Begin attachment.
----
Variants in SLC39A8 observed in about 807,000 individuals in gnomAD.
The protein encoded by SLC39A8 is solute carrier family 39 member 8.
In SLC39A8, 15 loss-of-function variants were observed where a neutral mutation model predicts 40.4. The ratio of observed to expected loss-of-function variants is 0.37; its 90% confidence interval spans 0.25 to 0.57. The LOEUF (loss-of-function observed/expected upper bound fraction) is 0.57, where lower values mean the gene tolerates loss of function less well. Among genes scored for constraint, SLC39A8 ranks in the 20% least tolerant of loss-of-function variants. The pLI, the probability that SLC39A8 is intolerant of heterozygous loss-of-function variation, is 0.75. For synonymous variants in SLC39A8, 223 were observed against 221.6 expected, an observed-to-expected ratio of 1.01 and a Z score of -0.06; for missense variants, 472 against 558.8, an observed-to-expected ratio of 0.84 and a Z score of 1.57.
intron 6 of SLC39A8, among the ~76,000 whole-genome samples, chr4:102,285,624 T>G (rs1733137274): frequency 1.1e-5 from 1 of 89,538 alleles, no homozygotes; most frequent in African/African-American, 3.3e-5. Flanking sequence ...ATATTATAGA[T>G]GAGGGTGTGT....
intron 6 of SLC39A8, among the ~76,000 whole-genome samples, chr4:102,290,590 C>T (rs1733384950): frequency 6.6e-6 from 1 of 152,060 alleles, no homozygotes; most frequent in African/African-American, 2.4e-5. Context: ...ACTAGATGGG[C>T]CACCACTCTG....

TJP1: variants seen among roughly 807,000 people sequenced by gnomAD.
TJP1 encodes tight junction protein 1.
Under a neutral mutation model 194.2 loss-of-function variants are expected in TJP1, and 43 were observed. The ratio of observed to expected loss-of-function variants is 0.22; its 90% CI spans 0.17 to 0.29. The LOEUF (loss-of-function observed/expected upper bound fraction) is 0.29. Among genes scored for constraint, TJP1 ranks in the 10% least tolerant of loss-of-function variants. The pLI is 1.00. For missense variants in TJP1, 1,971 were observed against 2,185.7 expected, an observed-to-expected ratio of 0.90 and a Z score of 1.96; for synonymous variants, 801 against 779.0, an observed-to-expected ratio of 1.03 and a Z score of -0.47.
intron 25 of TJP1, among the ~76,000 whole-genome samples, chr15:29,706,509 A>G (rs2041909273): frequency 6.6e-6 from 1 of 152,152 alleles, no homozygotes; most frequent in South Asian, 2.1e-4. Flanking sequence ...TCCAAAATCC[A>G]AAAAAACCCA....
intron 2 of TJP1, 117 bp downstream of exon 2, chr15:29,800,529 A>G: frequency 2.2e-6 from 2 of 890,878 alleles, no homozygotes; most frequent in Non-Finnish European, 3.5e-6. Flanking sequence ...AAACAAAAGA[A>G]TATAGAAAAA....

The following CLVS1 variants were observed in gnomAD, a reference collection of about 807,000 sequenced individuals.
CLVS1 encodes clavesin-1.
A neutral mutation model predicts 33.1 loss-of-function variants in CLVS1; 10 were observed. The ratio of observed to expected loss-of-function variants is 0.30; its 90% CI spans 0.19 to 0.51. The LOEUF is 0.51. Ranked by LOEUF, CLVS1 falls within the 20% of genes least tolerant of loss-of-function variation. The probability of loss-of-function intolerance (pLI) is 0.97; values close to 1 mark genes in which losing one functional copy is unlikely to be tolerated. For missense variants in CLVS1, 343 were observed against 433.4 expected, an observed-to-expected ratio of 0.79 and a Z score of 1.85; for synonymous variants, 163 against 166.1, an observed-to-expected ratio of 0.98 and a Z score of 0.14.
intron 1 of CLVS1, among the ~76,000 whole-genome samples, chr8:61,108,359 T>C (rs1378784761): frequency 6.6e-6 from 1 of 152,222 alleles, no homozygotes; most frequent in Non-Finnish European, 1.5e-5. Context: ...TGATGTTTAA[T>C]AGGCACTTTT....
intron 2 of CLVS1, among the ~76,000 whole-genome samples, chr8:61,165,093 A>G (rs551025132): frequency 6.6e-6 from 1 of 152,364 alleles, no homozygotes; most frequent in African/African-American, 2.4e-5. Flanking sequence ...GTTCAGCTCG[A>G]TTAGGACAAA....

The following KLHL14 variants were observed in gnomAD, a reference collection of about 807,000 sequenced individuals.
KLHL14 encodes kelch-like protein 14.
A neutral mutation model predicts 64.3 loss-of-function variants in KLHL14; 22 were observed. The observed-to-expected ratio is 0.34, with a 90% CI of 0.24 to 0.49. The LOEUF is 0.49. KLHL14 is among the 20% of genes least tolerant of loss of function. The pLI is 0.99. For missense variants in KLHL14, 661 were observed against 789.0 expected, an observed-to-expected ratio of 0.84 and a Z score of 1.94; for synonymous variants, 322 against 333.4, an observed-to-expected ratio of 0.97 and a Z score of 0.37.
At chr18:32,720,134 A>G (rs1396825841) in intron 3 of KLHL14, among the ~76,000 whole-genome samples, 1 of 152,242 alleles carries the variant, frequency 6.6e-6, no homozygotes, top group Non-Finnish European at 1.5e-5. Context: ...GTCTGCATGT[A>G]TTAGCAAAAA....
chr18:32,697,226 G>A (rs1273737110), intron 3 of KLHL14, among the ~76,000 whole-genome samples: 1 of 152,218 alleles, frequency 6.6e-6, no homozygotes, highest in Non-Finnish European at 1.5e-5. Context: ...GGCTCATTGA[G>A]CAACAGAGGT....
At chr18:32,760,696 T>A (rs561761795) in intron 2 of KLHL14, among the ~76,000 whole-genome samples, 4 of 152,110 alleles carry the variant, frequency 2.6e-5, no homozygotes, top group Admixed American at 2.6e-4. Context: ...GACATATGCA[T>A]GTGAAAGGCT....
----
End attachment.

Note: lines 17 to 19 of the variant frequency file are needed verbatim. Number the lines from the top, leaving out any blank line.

KLHL14 encodes kelch-like protein 14.
A neutral mutation model predicts 64.3 loss-of-function variants in KLHL14; 22 were observed. The observed-to-expected ratio is 0.34, with a 90% CI of 0.24 to 0.49. The LOEUF is 0.49. KLHL14 is among the 20% of genes least tolerant of loss of function. The pLI is 0.99. For missense variants in KLHL14, 661 were observed against 789.0 expected, an observed-to-expected ratio of 0.84 and a Z score of 1.94; for synonymous variants, 322 against 333.4, an observed-to-expected ratio of 0.97 and a Z score of 0.37.
At chr18:32,720,134 A>G (rs1396825841) in intron 3 of KLHL14, among the ~76,000 whole-genome samples, 1 of 152,242 alleles carries the variant, frequency 6.6e-6, no homozygotes, top group Non-Finnish European at 1.5e-5. Context: ...GTCTGCATGT[A>G]TTAGCAAAAA....